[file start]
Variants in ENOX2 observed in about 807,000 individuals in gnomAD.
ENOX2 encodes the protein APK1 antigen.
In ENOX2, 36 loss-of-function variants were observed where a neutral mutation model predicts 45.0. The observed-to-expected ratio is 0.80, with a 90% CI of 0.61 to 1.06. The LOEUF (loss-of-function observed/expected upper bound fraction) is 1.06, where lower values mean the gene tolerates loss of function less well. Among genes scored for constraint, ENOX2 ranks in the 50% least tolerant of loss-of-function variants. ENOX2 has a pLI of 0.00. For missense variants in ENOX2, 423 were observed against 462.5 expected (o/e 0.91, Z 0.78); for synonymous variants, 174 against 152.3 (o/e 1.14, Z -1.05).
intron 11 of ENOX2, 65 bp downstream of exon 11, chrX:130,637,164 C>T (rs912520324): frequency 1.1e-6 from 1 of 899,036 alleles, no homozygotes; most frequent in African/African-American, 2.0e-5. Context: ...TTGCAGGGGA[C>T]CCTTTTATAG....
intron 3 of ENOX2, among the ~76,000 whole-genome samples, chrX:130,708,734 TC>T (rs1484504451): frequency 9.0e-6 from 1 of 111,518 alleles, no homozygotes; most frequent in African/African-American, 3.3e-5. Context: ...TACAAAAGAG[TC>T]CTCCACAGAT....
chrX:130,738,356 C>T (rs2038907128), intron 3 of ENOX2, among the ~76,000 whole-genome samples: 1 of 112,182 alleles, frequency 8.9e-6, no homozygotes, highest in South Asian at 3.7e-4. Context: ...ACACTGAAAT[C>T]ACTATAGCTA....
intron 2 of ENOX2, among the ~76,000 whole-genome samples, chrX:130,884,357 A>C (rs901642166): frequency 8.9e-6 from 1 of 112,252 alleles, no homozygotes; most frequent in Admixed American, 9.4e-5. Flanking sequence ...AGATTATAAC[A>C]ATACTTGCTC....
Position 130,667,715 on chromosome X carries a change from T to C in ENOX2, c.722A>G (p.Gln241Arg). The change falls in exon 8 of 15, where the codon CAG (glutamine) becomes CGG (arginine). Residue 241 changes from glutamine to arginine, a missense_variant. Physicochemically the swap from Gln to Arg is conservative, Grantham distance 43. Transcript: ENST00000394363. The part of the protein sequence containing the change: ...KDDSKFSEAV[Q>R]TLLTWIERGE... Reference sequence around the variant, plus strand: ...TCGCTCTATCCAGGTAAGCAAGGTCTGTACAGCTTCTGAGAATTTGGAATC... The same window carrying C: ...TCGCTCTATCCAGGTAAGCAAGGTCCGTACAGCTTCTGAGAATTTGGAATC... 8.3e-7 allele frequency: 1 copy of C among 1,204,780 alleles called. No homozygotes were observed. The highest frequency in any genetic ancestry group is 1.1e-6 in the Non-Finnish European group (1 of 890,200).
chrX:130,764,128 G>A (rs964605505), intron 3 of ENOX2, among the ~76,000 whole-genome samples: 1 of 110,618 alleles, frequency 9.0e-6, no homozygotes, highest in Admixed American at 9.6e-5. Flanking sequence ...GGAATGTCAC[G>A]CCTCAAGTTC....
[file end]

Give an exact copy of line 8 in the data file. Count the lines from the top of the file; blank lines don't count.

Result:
Position 130,667,715 on chromosome X carries a change from T to C in ENOX2, c.722A>G (p.Gln241Arg). The change falls in exon 8 of 15, where the codon CAG (glutamine) becomes CGG (arginine). Residue 241 changes from glutamine to arginine, a missense_variant. Physicochemically the swap from Gln to Arg is conservative, Grantham distance 43. Transcript: ENST00000394363. The part of the protein sequence containing the change: ...KDDSKFSEAV[Q>R]TLLTWIERGE... Reference sequence around the variant, plus strand: ...TCGCTCTATCCAGGTAAGCAAGGTCTGTACAGCTTCTGAGAATTTGGAATC... The same window carrying C: ...TCGCTCTATCCAGGTAAGCAAGGTCCGTACAGCTTCTGAGAATTTGGAATC... 8.3e-7 allele frequency: 1 copy of C among 1,204,780 alleles called. No homozygotes were observed. The highest frequency in any genetic ancestry group is 1.1e-6 in the Non-Finnish European group (1 of 890,200).